When the Queen Mary II first came to Bar Harbor, I was at the shore before sunrise to photograph it coming in. There was no sign of it when I got there, so I perched on a rock and watched for it to round the cliffs to the south. Islands and submerged ledges in Frenchman Bay make navigation a bit tricky, so a pilot always goes out to board such ships and steer them into harbor. At last I saw the great liner’s bow emerge—and gradually the whole ship—beyond the cliffs and cautiously enter the bay. At which point an armed Coast Guard vessel got under way in its direction. This was after 9/11 and port security had been put on steroids to ward off lurking terrorists. A woman in the group behind me asked what that boat was, referring to the CG vessel. A man answered with great authority, “That would be the pilot boat taking the pilot out to QM II to bring her in.” “Oh,” said the woman. But I knew he was talking through his hat. The pilot had gone out long before the ship got anywhere near the bay proper.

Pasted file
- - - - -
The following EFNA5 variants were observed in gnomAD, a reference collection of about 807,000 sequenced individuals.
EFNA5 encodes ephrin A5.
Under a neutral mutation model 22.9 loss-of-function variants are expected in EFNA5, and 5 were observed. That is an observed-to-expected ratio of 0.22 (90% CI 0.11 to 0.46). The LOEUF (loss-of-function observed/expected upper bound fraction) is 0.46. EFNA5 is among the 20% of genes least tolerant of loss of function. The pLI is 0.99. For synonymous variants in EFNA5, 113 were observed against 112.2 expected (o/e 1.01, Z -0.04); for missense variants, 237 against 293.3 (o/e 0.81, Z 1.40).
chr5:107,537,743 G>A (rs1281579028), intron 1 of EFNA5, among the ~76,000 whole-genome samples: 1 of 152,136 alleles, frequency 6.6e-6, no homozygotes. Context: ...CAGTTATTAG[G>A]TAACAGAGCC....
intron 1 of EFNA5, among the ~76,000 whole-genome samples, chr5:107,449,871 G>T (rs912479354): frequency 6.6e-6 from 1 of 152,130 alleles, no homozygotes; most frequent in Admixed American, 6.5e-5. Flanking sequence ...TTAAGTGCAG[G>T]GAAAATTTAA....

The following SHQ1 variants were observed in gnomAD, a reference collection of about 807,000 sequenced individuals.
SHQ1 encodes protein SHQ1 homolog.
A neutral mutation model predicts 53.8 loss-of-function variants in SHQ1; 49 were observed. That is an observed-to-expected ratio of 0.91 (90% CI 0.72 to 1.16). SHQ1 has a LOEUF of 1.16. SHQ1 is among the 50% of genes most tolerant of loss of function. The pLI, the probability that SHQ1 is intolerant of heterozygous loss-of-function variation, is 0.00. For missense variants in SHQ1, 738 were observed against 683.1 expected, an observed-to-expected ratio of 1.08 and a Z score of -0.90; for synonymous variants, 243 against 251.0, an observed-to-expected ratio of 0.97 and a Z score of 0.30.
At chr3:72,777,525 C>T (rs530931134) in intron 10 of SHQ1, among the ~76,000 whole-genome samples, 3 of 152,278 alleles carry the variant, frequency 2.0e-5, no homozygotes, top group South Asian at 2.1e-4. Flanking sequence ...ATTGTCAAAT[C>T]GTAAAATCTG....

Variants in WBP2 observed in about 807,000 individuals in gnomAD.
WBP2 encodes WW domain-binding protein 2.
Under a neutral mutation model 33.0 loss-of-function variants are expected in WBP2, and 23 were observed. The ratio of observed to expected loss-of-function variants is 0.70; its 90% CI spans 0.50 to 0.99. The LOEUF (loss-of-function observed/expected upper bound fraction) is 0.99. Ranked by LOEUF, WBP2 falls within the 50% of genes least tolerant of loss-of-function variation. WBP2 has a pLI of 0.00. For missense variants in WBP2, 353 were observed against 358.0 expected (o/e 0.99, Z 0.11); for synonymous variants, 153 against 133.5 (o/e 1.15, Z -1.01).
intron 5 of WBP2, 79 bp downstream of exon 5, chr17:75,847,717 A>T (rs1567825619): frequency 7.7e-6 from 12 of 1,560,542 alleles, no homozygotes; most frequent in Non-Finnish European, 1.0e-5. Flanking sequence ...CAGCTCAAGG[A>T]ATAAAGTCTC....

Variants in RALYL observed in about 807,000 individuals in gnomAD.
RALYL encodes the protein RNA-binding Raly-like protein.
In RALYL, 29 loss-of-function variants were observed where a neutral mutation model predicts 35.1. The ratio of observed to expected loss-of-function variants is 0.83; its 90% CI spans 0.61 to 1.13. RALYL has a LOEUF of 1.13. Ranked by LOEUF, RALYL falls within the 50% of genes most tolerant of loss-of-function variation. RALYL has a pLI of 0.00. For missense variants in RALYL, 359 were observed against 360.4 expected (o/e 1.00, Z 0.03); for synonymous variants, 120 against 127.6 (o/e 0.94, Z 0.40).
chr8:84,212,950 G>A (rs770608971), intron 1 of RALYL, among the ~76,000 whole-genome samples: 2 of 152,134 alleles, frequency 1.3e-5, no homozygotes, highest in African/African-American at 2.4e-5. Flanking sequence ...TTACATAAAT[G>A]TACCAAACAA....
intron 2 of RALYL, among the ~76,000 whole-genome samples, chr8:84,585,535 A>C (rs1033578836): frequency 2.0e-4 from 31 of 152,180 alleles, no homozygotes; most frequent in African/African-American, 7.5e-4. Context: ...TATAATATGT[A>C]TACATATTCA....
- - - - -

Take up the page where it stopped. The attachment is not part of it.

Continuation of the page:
Today I would say that his interpreter was speaking, spinning a yarn about matters he knew little about. That’s something men do all the time—speak from the hip. Which is a variation on driving in uncharted territory without asking for directions. There are a lot more lost men in the world than reported by any census. They seem to take pride in speaking from the depths of great ignorance as if their brains had been cut in two. It is as hard for men to admit not knowing something as it was for me to tell my mother how I came by the decorations on my shirt.